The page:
Summer Vegetable Soup With Basil Pesto | Cook for Your Life
vegetable soup with basil pesto- cook for your life- anti-cancer recipes

Summer Vegetable Soup With Basil Pesto

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5 out of 5 stars (based on 9 reviews)

Clock Icon for Prep Time 35 min prep
Clock Icon for Prep Time 60 min total
Person Icon for Serving Size 6 servings
Carrot Icon for Number of Ingredients Size 17 ingredients

This super easy soup (no pun intended) is one of the most delicious ways to get your summer on and your veggies in, especially if you are on a neutropenic diet. When it’s really hot...


  • 1 medium onion, finely diced
  • 2 medium carrots, peeled and cut into a ½ “dice
  • 6 garlic cloves, crushed and peeled
  • 1 pound Yukon Gold potatoes, scrubbed, and cut into a ½” dice
  • 1½ pounds ripe tomatoes, diced, about 2 cups (see Ann’s Tips)
  • ½ pound of small yellow summer squash, cut into a ½” dice
  • ½ pound small zucchini, cut into a ½” dice
  • 1 Parmesan rind (optional)
  • 1 bouquet garni (see Ann’s Tips)
  • 1 dried cayenne pepper pod, or a pinch of cayenne (optional)
  • 2 quarts water
  • 2 teaspoons coarse sea salt, divided, or to taste
  • 1 (15 ounce) cans of cannellini beans, drained and rinsed
  • ½ cup small whole wheat macaroni elbows
  • ½  pound lima beans, frozen
  • ½ lb green beans, cut into 1” lengths
  • 4 tablespoons Pesto
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Nutrition Facts


342 cals


6 g

Saturated Fat

2 g

Polyunsaturated Fat

1 g

Monounsaturated Fat

1 g


59 g


10 g


12 g


16 g


858 mg


  1. Place the onions, carrots, garlic, potatoes, summer squash, zucchini, and diced tomatoes into a large pot. Set aside the macaroni, the cannellini beans, the frozen lima beans, and green beans until needed.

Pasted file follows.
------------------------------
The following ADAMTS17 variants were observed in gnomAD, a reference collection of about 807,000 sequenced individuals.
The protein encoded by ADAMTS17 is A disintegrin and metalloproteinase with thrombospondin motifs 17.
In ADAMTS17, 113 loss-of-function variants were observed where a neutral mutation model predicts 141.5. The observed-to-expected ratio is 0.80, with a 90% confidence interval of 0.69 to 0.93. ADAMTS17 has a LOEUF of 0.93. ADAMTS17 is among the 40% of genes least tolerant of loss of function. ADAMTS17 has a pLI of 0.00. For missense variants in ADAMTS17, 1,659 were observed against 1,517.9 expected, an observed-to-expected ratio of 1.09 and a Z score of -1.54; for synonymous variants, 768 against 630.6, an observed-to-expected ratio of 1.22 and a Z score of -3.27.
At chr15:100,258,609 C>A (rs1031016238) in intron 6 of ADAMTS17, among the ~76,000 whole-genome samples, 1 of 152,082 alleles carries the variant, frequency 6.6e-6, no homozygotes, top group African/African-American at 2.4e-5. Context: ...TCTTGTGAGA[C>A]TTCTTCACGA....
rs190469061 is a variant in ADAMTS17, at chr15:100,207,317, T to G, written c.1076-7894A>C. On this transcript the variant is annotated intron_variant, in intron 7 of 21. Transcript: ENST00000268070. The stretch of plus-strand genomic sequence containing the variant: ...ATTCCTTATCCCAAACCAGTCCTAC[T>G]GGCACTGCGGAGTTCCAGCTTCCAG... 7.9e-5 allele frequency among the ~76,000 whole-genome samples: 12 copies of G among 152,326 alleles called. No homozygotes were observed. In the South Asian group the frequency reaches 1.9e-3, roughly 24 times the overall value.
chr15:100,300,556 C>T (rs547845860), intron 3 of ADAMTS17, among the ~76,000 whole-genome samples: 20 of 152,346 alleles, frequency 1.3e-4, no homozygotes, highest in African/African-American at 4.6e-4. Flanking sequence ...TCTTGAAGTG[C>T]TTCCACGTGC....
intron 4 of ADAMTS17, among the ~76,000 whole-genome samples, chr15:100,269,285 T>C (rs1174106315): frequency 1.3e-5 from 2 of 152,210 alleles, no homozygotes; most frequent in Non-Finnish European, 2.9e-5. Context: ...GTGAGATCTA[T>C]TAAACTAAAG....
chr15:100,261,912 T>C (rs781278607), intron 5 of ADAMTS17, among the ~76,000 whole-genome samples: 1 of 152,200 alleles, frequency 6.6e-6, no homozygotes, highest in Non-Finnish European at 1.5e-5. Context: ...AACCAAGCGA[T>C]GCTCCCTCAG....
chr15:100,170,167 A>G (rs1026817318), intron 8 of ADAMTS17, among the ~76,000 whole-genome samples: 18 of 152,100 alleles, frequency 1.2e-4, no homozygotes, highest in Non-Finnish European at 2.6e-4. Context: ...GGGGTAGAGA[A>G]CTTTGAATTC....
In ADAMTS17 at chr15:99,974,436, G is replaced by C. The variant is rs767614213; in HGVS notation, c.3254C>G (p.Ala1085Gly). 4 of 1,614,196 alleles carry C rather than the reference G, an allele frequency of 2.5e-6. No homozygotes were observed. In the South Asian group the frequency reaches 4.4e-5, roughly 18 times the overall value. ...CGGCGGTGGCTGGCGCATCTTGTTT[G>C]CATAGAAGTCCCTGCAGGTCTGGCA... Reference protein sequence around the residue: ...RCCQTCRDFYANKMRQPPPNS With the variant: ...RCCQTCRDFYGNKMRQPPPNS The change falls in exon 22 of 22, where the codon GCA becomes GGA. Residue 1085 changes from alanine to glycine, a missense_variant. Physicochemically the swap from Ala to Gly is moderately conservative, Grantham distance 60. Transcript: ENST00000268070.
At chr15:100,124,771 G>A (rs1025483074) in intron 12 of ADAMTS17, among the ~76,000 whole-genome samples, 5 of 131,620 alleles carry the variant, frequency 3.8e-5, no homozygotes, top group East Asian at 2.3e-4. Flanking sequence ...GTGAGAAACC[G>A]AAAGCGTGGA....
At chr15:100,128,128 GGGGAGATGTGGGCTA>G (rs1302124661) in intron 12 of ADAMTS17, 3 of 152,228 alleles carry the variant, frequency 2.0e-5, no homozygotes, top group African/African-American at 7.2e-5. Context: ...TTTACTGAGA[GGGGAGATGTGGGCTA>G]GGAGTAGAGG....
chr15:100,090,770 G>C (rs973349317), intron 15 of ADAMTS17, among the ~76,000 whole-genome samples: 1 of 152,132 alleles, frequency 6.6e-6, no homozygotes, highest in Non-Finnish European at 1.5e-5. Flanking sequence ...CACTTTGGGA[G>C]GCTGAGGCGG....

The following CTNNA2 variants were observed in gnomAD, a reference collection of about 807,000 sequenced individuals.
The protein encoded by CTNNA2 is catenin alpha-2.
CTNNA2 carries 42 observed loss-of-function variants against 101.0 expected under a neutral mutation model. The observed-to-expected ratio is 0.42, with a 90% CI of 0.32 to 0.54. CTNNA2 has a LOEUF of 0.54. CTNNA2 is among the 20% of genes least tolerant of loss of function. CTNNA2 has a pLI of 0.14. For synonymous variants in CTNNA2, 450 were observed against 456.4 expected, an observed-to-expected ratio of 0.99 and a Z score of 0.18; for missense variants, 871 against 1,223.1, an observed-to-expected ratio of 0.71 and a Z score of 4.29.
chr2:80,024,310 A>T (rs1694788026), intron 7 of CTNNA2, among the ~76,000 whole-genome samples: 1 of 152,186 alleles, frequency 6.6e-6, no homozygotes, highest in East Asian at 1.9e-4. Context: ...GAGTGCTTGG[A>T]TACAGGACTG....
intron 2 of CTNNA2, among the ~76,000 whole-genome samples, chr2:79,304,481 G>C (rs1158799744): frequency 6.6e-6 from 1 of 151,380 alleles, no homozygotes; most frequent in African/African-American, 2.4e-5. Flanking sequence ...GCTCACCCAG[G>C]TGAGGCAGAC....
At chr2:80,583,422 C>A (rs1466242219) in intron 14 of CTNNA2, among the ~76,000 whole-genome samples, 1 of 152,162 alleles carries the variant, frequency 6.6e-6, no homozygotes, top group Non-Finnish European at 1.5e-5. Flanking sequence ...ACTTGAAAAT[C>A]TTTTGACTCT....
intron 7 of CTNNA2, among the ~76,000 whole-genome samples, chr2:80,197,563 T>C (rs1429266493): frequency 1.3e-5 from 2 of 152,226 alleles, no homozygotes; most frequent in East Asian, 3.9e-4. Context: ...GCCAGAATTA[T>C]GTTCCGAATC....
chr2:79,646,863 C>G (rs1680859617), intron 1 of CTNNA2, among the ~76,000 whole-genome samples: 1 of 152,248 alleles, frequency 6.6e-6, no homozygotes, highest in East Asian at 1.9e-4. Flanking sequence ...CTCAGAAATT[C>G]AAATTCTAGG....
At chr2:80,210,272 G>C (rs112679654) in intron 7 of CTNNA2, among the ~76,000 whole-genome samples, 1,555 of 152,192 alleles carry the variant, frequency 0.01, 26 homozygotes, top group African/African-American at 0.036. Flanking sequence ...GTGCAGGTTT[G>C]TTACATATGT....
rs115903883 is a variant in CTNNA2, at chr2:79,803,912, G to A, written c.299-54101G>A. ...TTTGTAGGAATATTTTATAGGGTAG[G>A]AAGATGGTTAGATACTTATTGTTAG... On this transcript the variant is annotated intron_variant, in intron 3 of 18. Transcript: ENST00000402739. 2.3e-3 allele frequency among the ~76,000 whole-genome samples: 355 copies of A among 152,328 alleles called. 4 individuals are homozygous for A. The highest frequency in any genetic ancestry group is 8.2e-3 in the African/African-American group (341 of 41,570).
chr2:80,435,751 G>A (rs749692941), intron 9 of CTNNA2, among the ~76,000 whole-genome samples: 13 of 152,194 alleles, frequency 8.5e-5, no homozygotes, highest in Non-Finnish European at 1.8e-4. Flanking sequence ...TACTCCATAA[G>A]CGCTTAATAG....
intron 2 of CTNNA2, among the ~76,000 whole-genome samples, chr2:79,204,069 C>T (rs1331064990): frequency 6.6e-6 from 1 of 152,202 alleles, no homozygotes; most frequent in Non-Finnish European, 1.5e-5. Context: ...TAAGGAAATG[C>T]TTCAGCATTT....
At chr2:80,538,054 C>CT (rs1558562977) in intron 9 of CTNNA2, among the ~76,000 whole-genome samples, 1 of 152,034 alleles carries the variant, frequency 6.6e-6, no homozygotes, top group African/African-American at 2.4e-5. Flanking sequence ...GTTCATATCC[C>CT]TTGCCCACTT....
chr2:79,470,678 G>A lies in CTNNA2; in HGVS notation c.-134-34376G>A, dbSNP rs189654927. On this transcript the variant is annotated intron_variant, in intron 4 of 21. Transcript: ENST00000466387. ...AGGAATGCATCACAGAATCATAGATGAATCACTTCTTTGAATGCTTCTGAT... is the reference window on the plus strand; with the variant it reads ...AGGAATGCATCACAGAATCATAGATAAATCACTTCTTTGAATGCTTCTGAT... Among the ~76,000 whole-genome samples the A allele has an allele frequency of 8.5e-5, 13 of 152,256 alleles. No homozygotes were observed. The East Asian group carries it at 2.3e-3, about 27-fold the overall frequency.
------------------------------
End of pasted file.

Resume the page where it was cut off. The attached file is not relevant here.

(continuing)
2. To the pot add the parmesan rind, if using, the bouquet garni, the cayenne pod, half the salt and 2 quarts of water, or enough to cover the vegetables by 1-inch. Bring to a boil over a medium high flame. Cover. Reduce the flame to medium low and simmer very gently for 45 minutes to an hour or until the vegetables are tender. The liquid should be barely bubbling.
  3. While the soup is cooking, prepare the Basil Pesto. Set aside.
  4. Remove the bouquet garni. Raise the heat to medium-high. Add the cannellini beans. Cook for 5 minutes. Add the macaroni. Cook the pasta until it is almost ‘al dente’, usually 10-12 minutes but check the package for timing. 5 minutes before the end of the pasta cooking time, and add the frozen lima beans and the green beans to the soup. By the time the pasta is ready, they will be too. Mash some of the cannellini beans against the pan to thicken the broth and taste for salt - it will probably need more. Let the soup sit for 5 minutes for the flavors to develop.
  5. Stir in the Basil Pesto. Serve immediately sprinkled with grated Parmesan cheese.

Chef Tips

On a neutropenic diet, if you’ve made the pesto from scratch, let the soup cook for 2-3 minutes after you’ve stirred in the pesto. Jarred pesto can be stirred in as per recipe.

In the winter, or when I’m tired, I find it’s best to use a 14 oz can of diced Italian plum tomatoes instead of fresh, but at the height of the summer, when tomatoes are at their best, go for delicious, ripe, beefsteak or Roma tomatoes.

A bouquet garni is basically a bundle of herbs that is added to soups and stews to add flavor. They are particularly useful in vegetarian cooking. If you don’t have all the herbs, it’s not the end of the world. I often use just fresh parsley, bay leaf and dried rosemary. If you use cheesecloth for a wrapper, you could also add ½ teaspoon of whole black peppercorns.
To make a bouquet garni:
Lay 3 to 4 stems of flat leaf parsley together on a cutting board. On the leafy end, lay a bay leaf, a sprig of fresh thyme, a couple of sage leaves and a small sprig of fresh rosemary.
Roll the leaves together so that they end up wrapped in the parsley stems. Wrap in cheesecloth or tie with kitchen twine to secure the bundle. That’s it.

Registered Dietitian Approved

Our recipes, articles, and videos are reviewed by our oncology-trained dietitians to ensure that each is backed with scientific evidence and follows the guidelines set by the Oncology Nutrition for Clinical Practice, 2nd Ed., published by the Oncology Nutrition Dietetic Practice Group, a professional interest group of the Academy of Nutrition and Dietetics, and the American Institute for Cancer Research and the American Cancer Society

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